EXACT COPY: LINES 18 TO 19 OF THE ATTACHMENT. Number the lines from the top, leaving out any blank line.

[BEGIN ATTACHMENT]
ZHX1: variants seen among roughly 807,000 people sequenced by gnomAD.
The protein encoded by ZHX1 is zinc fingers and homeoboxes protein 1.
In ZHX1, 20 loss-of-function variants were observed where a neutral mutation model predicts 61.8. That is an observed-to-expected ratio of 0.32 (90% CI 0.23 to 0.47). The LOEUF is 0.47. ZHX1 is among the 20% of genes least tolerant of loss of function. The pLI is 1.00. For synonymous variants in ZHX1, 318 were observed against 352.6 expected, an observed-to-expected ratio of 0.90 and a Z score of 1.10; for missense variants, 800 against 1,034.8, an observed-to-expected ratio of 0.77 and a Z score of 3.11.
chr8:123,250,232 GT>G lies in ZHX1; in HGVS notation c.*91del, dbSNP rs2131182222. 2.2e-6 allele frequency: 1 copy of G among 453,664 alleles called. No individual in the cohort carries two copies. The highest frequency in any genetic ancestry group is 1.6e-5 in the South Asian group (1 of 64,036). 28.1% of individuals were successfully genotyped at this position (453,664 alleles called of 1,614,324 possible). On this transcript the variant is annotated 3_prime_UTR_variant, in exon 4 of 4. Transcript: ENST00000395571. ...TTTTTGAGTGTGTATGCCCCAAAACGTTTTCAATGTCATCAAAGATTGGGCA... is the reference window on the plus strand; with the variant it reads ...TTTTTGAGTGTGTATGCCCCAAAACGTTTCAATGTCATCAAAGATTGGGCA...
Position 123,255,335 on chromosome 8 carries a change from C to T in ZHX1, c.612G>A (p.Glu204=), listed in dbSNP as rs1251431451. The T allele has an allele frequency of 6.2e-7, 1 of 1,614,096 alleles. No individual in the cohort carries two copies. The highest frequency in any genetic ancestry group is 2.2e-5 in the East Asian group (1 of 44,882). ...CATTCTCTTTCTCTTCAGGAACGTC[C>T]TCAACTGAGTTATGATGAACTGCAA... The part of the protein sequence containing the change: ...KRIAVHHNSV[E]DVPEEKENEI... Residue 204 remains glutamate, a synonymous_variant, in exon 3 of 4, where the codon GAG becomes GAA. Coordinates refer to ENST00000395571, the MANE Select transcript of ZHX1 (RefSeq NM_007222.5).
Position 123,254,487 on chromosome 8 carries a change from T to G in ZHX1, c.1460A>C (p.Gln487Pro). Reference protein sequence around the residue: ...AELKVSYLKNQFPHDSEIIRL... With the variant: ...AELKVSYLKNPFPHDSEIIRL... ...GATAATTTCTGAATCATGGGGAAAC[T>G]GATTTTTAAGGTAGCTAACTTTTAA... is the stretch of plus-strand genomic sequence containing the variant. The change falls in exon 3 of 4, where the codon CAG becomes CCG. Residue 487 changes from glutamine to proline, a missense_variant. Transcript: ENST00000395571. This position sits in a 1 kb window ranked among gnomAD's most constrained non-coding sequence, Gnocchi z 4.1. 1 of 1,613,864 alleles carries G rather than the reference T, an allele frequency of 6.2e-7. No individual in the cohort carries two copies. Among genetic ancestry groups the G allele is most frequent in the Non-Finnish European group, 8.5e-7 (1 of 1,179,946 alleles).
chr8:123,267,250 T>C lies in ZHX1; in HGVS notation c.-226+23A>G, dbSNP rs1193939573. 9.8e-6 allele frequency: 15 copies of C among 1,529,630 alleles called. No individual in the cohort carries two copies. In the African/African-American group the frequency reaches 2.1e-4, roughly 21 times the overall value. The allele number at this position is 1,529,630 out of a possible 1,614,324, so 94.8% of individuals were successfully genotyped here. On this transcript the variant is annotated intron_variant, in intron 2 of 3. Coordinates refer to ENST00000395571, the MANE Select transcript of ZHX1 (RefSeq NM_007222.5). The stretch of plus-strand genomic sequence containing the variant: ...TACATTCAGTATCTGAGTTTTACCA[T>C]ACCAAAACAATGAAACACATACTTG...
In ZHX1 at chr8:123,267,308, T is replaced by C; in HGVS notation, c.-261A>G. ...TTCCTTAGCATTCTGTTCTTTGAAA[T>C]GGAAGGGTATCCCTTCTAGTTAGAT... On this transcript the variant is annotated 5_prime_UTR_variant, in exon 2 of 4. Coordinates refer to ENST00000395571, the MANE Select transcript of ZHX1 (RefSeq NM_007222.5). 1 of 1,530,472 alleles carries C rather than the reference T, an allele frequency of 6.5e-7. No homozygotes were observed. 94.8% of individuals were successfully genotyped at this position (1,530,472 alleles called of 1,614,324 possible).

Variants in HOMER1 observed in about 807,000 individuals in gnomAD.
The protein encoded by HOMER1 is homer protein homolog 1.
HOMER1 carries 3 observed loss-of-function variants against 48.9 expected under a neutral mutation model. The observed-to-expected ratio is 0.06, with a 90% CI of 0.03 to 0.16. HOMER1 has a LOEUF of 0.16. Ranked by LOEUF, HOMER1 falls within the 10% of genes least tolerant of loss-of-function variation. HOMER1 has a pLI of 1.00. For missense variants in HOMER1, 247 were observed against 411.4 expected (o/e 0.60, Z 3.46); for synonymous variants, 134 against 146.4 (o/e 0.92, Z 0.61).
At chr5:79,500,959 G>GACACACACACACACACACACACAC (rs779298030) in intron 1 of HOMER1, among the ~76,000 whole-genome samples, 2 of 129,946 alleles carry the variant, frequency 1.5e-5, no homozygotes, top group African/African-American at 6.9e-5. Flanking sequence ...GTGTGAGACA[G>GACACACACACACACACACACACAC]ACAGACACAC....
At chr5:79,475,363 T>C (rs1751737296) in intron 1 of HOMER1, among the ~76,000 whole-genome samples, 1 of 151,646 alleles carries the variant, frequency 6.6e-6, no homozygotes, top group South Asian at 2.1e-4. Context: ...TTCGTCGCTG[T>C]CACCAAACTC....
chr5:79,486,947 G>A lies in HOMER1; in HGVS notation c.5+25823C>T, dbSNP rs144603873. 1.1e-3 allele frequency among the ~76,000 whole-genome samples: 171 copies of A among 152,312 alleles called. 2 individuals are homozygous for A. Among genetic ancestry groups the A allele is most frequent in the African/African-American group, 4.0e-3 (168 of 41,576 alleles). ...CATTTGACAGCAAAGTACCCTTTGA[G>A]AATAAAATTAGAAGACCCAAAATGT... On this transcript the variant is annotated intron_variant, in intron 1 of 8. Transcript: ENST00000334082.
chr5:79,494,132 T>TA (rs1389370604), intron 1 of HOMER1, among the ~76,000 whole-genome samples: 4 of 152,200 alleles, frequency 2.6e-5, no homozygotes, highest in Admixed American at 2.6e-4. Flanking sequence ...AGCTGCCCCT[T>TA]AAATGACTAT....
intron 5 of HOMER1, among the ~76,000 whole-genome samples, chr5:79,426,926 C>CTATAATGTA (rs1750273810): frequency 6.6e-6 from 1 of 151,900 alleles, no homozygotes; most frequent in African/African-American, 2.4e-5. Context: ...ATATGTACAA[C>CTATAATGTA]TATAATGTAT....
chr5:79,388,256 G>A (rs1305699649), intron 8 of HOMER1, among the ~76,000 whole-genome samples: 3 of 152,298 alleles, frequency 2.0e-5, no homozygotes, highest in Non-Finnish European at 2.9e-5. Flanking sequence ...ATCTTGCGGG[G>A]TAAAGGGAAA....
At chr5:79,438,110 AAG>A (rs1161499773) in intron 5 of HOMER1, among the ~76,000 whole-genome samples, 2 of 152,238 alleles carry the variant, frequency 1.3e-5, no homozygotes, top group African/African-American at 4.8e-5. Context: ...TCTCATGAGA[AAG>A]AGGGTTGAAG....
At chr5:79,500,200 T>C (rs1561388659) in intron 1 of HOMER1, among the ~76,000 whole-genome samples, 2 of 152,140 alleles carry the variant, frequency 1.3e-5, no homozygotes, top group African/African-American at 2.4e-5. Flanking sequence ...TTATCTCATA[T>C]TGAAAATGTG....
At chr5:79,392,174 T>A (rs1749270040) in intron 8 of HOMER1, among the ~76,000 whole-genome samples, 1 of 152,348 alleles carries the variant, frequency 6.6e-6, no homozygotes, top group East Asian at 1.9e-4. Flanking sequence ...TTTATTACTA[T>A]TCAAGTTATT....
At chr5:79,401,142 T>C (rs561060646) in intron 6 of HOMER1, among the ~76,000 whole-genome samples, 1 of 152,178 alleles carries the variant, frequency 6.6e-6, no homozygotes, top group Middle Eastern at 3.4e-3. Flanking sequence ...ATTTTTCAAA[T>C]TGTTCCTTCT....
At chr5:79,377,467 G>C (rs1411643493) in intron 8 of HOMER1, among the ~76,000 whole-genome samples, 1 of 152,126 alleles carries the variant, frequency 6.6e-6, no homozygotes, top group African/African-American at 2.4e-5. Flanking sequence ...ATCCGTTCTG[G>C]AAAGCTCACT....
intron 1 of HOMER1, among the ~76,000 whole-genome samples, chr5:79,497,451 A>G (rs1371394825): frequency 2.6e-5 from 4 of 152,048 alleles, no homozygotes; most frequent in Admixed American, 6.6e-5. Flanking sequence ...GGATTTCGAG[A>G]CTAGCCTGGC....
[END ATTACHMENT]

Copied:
At chr5:79,438,110 AAG>A (rs1161499773) in intron 5 of HOMER1, among the ~76,000 whole-genome samples, 2 of 152,238 alleles carry the variant, frequency 1.3e-5, no homozygotes, top group African/African-American at 4.8e-5. Context: ...TCTCATGAGA[AAG>A]AGGGTTGAAG....
At chr5:79,500,200 T>C (rs1561388659) in intron 1 of HOMER1, among the ~76,000 whole-genome samples, 2 of 152,140 alleles carry the variant, frequency 1.3e-5, no homozygotes, top group African/African-American at 2.4e-5. Flanking sequence ...TTATCTCATA[T>C]TGAAAATGTG....